Apples (a free association exercize)

Today I had a session at work about the Meyers-Briggs Type Indicator, or MBTI. I scored as an E-N-F-J/P.

Though the test feels totally spot-on, I am still sorting out whether I identify as more of a J or a P. I tested dead center. I am pretty sure I am more of a P, but maybe that is the J talking.

I feel like tests like this can be a little bit like a fortune cookie—vague, interesting, and broadly applicable. “ENFPs have an unusually broad range of skills and talents.” “ENFPs who remain centered will usually be quite successful at their endeavors.” because of course “You are very talented in many ways”, “Your shoes will make you happy today”, “Your lucky numbers are 5 33 12 7 8”, and “Fortune favors the brave.”

In any case, I found the test be a great feedback mechanism, and one of the exercises we did was to look at an apple and describe “all the things we saw.” I was surprised at myself when I really only listed what I saw — taking the instructions rather literally. I identify as a creative out-of-the-box thinker, but after listing spotted, uneven, casting a shadow, perceived seasonality, flavor, and ripeness, I thought I was giving a pretty complete accounting. It was not until after, when the group was sharing our answers, that I started to think about how many associations I really did lay upon this fruit and how much I had missed. (This is why we crowd-source for ideas—everyone’s diverse ideas, perceptions, and experience can help you see new things.)

So after chatting with our team, I realized that if really dug in deeper on all the “all the things I saw,” I had a lot more to say about apples. And here you have it:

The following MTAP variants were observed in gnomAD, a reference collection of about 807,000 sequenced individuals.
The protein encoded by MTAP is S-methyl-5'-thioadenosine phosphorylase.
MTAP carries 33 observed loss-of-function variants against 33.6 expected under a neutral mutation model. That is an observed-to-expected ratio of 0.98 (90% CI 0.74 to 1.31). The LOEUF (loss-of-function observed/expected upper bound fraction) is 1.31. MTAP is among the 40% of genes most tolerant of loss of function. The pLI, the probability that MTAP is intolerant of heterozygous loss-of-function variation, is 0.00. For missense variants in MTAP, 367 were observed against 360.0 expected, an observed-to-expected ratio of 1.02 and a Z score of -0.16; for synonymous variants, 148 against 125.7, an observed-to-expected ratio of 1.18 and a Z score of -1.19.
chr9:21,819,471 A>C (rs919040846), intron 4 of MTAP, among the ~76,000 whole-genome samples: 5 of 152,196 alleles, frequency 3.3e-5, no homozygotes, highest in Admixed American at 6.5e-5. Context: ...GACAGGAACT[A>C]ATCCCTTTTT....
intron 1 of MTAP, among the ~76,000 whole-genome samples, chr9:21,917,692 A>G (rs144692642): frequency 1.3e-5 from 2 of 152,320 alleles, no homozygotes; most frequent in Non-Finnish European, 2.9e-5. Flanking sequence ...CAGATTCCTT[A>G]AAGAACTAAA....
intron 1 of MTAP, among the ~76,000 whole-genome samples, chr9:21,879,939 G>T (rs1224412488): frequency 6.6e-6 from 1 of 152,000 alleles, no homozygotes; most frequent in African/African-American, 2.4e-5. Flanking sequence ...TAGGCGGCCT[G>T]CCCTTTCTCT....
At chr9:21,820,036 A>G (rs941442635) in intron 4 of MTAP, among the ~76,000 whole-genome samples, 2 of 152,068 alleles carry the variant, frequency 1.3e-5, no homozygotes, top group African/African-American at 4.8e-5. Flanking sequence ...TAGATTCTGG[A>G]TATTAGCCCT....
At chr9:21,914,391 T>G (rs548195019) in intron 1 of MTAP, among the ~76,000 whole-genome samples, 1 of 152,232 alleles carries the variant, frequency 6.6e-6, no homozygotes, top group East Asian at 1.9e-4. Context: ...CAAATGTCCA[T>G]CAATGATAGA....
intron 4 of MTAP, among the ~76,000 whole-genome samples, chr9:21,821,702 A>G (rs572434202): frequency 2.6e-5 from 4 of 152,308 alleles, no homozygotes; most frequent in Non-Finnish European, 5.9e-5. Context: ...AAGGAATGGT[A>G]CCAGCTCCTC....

I also see Kazakhstan, where the apple originates; I see Michael Pollan, who writes about this extensively in the Botany of Desire; I see of the complexities of the genetics of the seed, I see grafting; I see Johnny Appleseed. I see apple picking with my family, apple cider donuts, and even hard cider. I see Tim and Zea and Freddy and the Everetts—California friends who are apple growers. I see Snow White. I see the symbol of temptation and the representation of original sin played out cyclically in culture and art. I see the apple of my eye. I also feel the tug to get an un-ripe apple off a tree. I taste the crisp, the tart, the sour, the mealy. I taste the pairings with cheese, the almond butter, the peanut butter and chocolate, cinnamon, and honey.

I see this photo I took one year ay an Illinois apple orchard:

I see so much in an apple. I also see my own calendar, because I am going to be pressing apples for cider on Saturday with my apple growing friend at Fruitilicious Farm in Watsonville! Apple season is closing out here and I look forward to saving a couple jugs in my fridge to prolong the flavors.

I think of the iconic and arresting self-portrait of Swiss painter Cuno Amiet.

ImageI think of heirloom varieties and biodiversity (including this Slow Food Manifesto [PDF]). Of the myths and legends of Johnny Appleseed. Adam and Eve. Rosh hashanah apples and honey. Apple pie the wholesome American dessert or the unwholesome American movie. Nights with beer and games of Apples to Apples (which I usually win).

And of course, the omnipresent:

I feel like I wrote all of this in order to redeem myself in my own mind for my surface analysis during this morning’s Meyers-Briggs test.

So dear apple the majestic fruit, apple the cultural symbol, apple the food, Apple the brand, Apple the celebrity baby name, and apple the idea, I salute you.


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